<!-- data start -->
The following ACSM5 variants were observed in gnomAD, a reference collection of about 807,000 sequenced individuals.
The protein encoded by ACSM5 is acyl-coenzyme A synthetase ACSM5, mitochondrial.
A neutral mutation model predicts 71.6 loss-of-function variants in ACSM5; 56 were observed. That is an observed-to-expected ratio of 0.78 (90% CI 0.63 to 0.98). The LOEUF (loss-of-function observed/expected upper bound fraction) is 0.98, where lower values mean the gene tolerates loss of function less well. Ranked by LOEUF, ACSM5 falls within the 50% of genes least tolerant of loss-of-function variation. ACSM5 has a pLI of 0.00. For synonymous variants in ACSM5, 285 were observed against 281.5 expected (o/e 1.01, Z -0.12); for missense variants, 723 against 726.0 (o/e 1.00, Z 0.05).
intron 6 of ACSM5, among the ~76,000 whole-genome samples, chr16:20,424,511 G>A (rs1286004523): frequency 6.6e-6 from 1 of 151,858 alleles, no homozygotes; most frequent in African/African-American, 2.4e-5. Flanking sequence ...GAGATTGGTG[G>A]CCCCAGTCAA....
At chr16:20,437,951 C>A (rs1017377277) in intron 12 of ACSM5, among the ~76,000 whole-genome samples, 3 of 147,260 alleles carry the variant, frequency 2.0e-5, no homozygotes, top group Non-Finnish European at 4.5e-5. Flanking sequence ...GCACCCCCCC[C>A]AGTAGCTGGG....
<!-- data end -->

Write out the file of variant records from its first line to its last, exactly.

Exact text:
The following ACSM5 variants were observed in gnomAD, a reference collection of about 807,000 sequenced individuals.
The protein encoded by ACSM5 is acyl-coenzyme A synthetase ACSM5, mitochondrial.
A neutral mutation model predicts 71.6 loss-of-function variants in ACSM5; 56 were observed. That is an observed-to-expected ratio of 0.78 (90% CI 0.63 to 0.98). The LOEUF (loss-of-function observed/expected upper bound fraction) is 0.98, where lower values mean the gene tolerates loss of function less well. Ranked by LOEUF, ACSM5 falls within the 50% of genes least tolerant of loss-of-function variation. ACSM5 has a pLI of 0.00. For synonymous variants in ACSM5, 285 were observed against 281.5 expected (o/e 1.01, Z -0.12); for missense variants, 723 against 726.0 (o/e 1.00, Z 0.05).
intron 6 of ACSM5, among the ~76,000 whole-genome samples, chr16:20,424,511 G>A (rs1286004523): frequency 6.6e-6 from 1 of 151,858 alleles, no homozygotes; most frequent in African/African-American, 2.4e-5. Flanking sequence ...GAGATTGGTG[G>A]CCCCAGTCAA....
At chr16:20,437,951 C>A (rs1017377277) in intron 12 of ACSM5, among the ~76,000 whole-genome samples, 3 of 147,260 alleles carry the variant, frequency 2.0e-5, no homozygotes, top group Non-Finnish European at 4.5e-5. Flanking sequence ...GCACCCCCCC[C>A]AGTAGCTGGG....